A bacterium that degrades and assimilates poly(ethylene terephthalate)
© Syed Mahabubul Kader /EyeEm/Getty
A bacterium found near a bottle recycling site can thrive by eating plastic.
Plastics were created to be durable and most products cannot be broken down naturally, which makes disposing of the countless tons of plastic pollution accumulated over the past century a major global challenge. Polyethylene terephthalate (PET), the plastic most widely used in drink bottles, is no exception — only 14 per cent of the 55 million ton produced annually is recycled.
A team including Keio University researchers gathered 250 soil and water samples from a PET recycling factory to search for microorganisms that could feed on films of PET. They discovered a new species of bacteria, Ideonella sakaiensis, which almost entirely degraded the experimental PET film after six weeks at 30 degrees Celsius. The bacterium uses unique enzymes to break down PET into molecules that it then reuses to grow.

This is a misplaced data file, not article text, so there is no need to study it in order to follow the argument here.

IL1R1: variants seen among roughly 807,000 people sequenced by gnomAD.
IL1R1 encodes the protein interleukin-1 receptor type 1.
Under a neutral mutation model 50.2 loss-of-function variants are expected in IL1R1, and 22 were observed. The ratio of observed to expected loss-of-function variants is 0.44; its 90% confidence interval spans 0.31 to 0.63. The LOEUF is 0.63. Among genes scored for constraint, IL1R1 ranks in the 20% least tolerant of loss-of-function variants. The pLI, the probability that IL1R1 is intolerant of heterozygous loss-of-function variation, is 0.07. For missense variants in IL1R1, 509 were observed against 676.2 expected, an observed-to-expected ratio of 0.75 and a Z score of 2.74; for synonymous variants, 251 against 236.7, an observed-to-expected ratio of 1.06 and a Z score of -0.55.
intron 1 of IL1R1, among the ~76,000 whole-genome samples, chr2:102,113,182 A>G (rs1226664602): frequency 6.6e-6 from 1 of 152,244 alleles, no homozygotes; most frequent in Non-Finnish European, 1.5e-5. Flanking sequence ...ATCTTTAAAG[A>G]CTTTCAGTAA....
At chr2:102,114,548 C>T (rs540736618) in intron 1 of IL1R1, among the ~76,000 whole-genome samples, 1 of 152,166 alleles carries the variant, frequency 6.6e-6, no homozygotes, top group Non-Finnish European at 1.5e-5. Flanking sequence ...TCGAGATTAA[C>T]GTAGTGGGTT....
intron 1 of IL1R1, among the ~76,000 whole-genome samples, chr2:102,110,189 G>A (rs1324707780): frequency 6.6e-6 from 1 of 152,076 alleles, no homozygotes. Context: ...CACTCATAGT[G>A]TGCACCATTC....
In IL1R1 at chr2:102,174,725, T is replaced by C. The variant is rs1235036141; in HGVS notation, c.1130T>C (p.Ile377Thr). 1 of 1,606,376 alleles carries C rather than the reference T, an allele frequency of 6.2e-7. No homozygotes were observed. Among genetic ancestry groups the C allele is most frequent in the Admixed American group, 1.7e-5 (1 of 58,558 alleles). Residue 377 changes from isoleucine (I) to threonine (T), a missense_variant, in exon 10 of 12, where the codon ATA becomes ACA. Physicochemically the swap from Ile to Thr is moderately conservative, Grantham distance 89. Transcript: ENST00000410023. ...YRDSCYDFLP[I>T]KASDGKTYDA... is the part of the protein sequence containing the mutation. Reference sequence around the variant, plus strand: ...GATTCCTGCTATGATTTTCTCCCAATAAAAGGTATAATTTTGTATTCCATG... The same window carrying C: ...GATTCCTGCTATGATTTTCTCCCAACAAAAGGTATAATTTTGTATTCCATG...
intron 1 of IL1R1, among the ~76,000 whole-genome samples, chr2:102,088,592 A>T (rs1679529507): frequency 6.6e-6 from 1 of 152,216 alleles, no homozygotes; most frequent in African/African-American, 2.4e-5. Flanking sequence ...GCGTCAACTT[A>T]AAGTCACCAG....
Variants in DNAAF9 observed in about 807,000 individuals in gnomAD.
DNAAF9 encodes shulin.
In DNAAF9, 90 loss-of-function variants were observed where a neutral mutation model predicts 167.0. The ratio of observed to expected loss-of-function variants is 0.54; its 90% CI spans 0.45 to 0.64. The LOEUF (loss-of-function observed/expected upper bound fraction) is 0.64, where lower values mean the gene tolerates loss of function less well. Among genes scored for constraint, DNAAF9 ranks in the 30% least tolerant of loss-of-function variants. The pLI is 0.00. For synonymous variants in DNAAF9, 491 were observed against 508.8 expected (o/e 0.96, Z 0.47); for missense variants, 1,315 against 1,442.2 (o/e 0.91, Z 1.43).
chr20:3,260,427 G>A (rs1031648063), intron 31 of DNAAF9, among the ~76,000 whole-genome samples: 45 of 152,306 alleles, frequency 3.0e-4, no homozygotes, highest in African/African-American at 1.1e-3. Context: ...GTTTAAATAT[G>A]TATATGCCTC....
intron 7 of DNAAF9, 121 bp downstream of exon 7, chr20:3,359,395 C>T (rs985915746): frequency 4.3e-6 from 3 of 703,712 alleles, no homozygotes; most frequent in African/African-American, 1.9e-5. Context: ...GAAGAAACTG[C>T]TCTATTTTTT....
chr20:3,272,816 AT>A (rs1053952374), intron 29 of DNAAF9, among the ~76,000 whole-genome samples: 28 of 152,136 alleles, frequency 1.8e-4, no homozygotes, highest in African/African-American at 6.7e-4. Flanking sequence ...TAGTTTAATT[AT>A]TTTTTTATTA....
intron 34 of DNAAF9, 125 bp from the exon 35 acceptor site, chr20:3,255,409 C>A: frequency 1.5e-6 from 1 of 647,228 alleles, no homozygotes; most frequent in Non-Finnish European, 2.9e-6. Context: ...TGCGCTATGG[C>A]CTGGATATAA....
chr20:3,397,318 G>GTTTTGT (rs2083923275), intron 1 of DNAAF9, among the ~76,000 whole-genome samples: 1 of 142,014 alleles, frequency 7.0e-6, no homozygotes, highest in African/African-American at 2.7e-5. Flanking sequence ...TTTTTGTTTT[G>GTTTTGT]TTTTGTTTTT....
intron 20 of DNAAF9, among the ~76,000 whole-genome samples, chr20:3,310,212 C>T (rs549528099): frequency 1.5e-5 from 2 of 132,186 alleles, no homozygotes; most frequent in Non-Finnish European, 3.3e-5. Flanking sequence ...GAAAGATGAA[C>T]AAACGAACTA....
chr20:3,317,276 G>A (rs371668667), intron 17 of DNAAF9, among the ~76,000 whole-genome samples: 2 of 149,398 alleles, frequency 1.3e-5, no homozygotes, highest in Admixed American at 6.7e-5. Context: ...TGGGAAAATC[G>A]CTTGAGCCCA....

Biological processes like this could be adopted for environmentally-friendly plastic recycling methods, the authors suggest.
- Science 351,1196–1199 (2016). doi: 10.1126/science.aad6359
|Kyoto Institute of Technology (KIT), Japan||0.55|
|Teijin Ltd., Japan||0.20|
|Keio University, Japan||0.15|
|Adeka Corporation, Japan||0.10|